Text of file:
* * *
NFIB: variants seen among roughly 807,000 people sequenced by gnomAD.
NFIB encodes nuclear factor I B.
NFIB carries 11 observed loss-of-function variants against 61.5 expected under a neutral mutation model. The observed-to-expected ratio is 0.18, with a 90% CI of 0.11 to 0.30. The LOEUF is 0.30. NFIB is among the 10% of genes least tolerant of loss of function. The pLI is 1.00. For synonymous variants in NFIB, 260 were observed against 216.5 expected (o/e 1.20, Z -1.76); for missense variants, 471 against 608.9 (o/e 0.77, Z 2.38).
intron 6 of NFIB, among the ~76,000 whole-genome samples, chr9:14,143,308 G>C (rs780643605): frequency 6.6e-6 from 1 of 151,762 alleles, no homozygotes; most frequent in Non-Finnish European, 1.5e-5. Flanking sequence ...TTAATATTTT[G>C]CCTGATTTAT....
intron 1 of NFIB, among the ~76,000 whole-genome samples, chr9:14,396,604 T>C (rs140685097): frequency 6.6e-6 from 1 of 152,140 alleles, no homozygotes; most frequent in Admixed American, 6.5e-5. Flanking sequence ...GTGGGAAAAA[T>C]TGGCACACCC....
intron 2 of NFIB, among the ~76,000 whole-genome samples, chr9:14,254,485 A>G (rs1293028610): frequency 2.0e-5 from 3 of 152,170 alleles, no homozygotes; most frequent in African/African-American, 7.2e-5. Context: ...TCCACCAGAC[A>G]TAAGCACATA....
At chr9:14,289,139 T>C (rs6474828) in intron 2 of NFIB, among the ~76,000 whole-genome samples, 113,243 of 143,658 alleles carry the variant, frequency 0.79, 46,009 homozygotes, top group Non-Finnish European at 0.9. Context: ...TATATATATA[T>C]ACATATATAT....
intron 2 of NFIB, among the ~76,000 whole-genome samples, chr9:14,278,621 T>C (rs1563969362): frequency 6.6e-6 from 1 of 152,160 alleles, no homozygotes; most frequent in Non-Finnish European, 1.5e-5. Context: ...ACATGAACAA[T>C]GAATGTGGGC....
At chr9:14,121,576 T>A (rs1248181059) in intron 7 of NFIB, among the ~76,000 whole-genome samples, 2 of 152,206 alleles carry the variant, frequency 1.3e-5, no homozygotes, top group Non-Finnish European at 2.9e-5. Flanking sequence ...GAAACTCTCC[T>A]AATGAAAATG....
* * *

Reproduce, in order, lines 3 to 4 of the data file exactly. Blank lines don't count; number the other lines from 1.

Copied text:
NFIB carries 11 observed loss-of-function variants against 61.5 expected under a neutral mutation model. The observed-to-expected ratio is 0.18, with a 90% CI of 0.11 to 0.30. The LOEUF is 0.30. NFIB is among the 10% of genes least tolerant of loss of function. The pLI is 1.00. For synonymous variants in NFIB, 260 were observed against 216.5 expected (o/e 1.20, Z -1.76); for missense variants, 471 against 608.9 (o/e 0.77, Z 2.38).
intron 6 of NFIB, among the ~76,000 whole-genome samples, chr9:14,143,308 G>C (rs780643605): frequency 6.6e-6 from 1 of 151,762 alleles, no homozygotes; most frequent in Non-Finnish European, 1.5e-5. Flanking sequence ...TTAATATTTT[G>C]CCTGATTTAT....